With Wordsworth in England: Being a Selection of the Poems and Letters of William Wordsworth which Have to Do with English Scenery and English Life

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A. C. McClurg & Company, 1907 - England - 352 pages

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Page 162 - SHE was a Phantom of delight When first she gleamed upon my sight; A lovely Apparition, sent To be a moment's ornament; Her eyes as stars of Twilight fair; Like Twilight's, too, her dusky hair; But all things else about her drawn From May-time and the cheerful Dawn; A dancing Shape, an Image gay, To haunt, to startle, and way-lay.
Page 107 - Therefore am I still A lover of the meadows and the woods, And mountains ; and of all that we behold From this green earth; of all the mighty world Of eye, and ear, — both what they half create, And what perceive ; well pleased to recognise In nature and the language of the sense, The anchor of my purest thoughts, the nurse, The guide, the guardian of my heart, and soul Of all my moral being.
Page 104 - Is lightened — that serene and blessed mood, In which the affections gently lead us on — Until, the breath of this corporeal frame And even the motion of our human blood Almost suspended, we are laid asleep In body, and become a living soul : While with an eye made quiet by the power Of harmony, and the deep power of joy, We see into the life of things.
Page 185 - Ah ! THEN, if mine had been the Painter's hand, To express what then I saw ; and add the gleam, The light that never was, on sea or land, The consecration, and the Poet's dream...
Page 91 - tis my faith that every flower Enjoys the air it breathes. The birds around me hopped and played, Their thoughts I cannot measure: — But the least motion which they made It seemed a thrill of pleasure. The budding twigs spread out their fan, To catch the breezy air; And I must think, do all I can, That there was pleasure there.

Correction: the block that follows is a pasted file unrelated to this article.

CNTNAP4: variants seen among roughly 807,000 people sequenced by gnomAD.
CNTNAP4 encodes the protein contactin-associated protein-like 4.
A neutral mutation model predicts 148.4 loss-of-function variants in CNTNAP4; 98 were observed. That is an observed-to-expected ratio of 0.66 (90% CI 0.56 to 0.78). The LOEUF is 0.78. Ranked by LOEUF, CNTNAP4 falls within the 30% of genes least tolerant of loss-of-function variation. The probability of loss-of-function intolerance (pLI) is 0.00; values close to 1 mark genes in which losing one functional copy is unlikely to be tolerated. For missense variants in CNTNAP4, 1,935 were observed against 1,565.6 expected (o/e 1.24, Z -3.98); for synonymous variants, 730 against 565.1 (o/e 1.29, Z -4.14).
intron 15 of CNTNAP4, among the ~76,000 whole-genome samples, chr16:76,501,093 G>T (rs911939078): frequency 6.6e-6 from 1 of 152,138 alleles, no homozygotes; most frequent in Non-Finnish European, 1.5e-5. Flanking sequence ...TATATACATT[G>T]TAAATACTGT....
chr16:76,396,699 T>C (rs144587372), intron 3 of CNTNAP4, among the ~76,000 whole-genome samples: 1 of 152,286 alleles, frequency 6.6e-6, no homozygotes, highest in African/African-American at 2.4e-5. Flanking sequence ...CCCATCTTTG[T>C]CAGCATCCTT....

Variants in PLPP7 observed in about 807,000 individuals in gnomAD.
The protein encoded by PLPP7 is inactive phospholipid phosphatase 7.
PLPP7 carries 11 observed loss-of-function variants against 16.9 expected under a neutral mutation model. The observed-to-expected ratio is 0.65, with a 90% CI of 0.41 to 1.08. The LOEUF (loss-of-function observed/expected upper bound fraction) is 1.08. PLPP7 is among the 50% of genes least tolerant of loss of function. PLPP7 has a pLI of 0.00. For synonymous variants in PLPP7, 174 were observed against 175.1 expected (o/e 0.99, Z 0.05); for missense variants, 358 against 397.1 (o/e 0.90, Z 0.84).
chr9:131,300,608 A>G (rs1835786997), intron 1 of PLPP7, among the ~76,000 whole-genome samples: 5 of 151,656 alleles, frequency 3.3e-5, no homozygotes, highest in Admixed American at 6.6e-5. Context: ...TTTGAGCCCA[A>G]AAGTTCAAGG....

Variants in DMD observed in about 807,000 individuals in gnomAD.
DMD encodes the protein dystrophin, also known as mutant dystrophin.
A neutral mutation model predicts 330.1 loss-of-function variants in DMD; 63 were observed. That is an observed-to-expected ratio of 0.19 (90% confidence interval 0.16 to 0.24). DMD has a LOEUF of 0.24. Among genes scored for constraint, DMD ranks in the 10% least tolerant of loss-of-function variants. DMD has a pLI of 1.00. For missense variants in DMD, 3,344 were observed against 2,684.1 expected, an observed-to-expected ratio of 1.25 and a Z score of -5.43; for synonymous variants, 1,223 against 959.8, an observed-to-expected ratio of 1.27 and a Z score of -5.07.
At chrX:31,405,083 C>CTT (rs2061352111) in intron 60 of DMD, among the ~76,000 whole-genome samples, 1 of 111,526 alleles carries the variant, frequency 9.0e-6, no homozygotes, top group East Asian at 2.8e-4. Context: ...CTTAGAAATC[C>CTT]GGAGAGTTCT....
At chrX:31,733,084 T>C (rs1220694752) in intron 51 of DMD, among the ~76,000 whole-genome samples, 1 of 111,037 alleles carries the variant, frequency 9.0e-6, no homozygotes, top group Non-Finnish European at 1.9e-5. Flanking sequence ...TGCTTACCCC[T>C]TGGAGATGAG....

Page 195 - Dreams, books, are each a world; and books, we know, Are a substantial world, both pure and good: Round these, with tendrils strong as flesh and blood, Our pastime and our happiness will grow.
Page 238 - And unto this he frames his song: Then will he fit his tongue To dialogues of business, love, or strife; But it will not be long Ere this be thrown aside...
Page 235 - The rainbow comes and goes, And lovely is the rose; The moon doth with delight Look round her when the heavens are bare; Waters on a starry night Are beautiful and fair; The sunshine is a glorious birth; But yet I know, where'er I go, That there hath passed away a glory from the earth.
Page 99 - THERE was a Boy; ye knew him well, ye cliffs And islands of Winander! — many a time, At evening, when the earliest stars began To move along the edges of the hills, Rising or setting, would he stand alone, Beneath the trees, or by the glimmering lake; And there, with fingers interwoven, both hands Pressed closely palm to palm and to his mouth Uplifted, he, as through an instrument, Blew mimic hootings to the silent owls, That they might answer him.
Page 103 - That on a wild secluded scene impress Thoughts of more deep seclusion ; and connect The landscape with the quiet of the sky.

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